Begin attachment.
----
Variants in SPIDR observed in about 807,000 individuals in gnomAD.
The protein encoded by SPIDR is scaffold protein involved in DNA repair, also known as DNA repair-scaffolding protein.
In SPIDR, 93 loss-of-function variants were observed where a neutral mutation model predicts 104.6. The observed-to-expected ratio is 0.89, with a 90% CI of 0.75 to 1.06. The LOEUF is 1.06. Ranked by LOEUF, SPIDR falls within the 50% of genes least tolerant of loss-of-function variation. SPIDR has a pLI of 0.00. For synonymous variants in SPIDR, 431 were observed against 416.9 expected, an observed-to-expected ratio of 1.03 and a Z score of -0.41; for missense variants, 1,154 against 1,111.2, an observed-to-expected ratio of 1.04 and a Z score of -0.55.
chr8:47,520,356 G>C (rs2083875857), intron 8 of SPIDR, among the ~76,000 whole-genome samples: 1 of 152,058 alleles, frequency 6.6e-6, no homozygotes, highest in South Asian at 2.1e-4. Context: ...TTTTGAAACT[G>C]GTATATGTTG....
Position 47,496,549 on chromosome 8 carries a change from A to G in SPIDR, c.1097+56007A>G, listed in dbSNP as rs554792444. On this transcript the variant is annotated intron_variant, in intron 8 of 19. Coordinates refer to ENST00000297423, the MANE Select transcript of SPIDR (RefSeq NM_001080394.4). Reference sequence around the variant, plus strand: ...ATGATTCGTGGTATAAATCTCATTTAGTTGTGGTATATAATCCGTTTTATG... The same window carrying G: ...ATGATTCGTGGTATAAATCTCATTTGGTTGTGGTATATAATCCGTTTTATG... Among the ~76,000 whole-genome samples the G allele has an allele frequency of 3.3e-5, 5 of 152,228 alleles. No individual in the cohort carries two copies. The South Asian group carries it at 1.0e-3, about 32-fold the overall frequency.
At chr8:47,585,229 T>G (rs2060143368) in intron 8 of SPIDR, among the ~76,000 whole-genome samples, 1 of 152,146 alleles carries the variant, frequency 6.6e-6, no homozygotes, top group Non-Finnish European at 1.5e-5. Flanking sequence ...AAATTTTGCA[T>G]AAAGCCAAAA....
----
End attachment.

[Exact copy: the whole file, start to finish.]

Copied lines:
Variants in SPIDR observed in about 807,000 individuals in gnomAD.
The protein encoded by SPIDR is scaffold protein involved in DNA repair, also known as DNA repair-scaffolding protein.
In SPIDR, 93 loss-of-function variants were observed where a neutral mutation model predicts 104.6. The observed-to-expected ratio is 0.89, with a 90% CI of 0.75 to 1.06. The LOEUF is 1.06. Ranked by LOEUF, SPIDR falls within the 50% of genes least tolerant of loss-of-function variation. SPIDR has a pLI of 0.00. For synonymous variants in SPIDR, 431 were observed against 416.9 expected, an observed-to-expected ratio of 1.03 and a Z score of -0.41; for missense variants, 1,154 against 1,111.2, an observed-to-expected ratio of 1.04 and a Z score of -0.55.
chr8:47,520,356 G>C (rs2083875857), intron 8 of SPIDR, among the ~76,000 whole-genome samples: 1 of 152,058 alleles, frequency 6.6e-6, no homozygotes, highest in South Asian at 2.1e-4. Context: ...TTTTGAAACT[G>C]GTATATGTTG....
Position 47,496,549 on chromosome 8 carries a change from A to G in SPIDR, c.1097+56007A>G, listed in dbSNP as rs554792444. On this transcript the variant is annotated intron_variant, in intron 8 of 19. Coordinates refer to ENST00000297423, the MANE Select transcript of SPIDR (RefSeq NM_001080394.4). Reference sequence around the variant, plus strand: ...ATGATTCGTGGTATAAATCTCATTTAGTTGTGGTATATAATCCGTTTTATG... The same window carrying G: ...ATGATTCGTGGTATAAATCTCATTTGGTTGTGGTATATAATCCGTTTTATG... Among the ~76,000 whole-genome samples the G allele has an allele frequency of 3.3e-5, 5 of 152,228 alleles. No individual in the cohort carries two copies. The South Asian group carries it at 1.0e-3, about 32-fold the overall frequency.
At chr8:47,585,229 T>G (rs2060143368) in intron 8 of SPIDR, among the ~76,000 whole-genome samples, 1 of 152,146 alleles carries the variant, frequency 6.6e-6, no homozygotes, top group Non-Finnish European at 1.5e-5. Flanking sequence ...AAATTTTGCA[T>G]AAAGCCAAAA....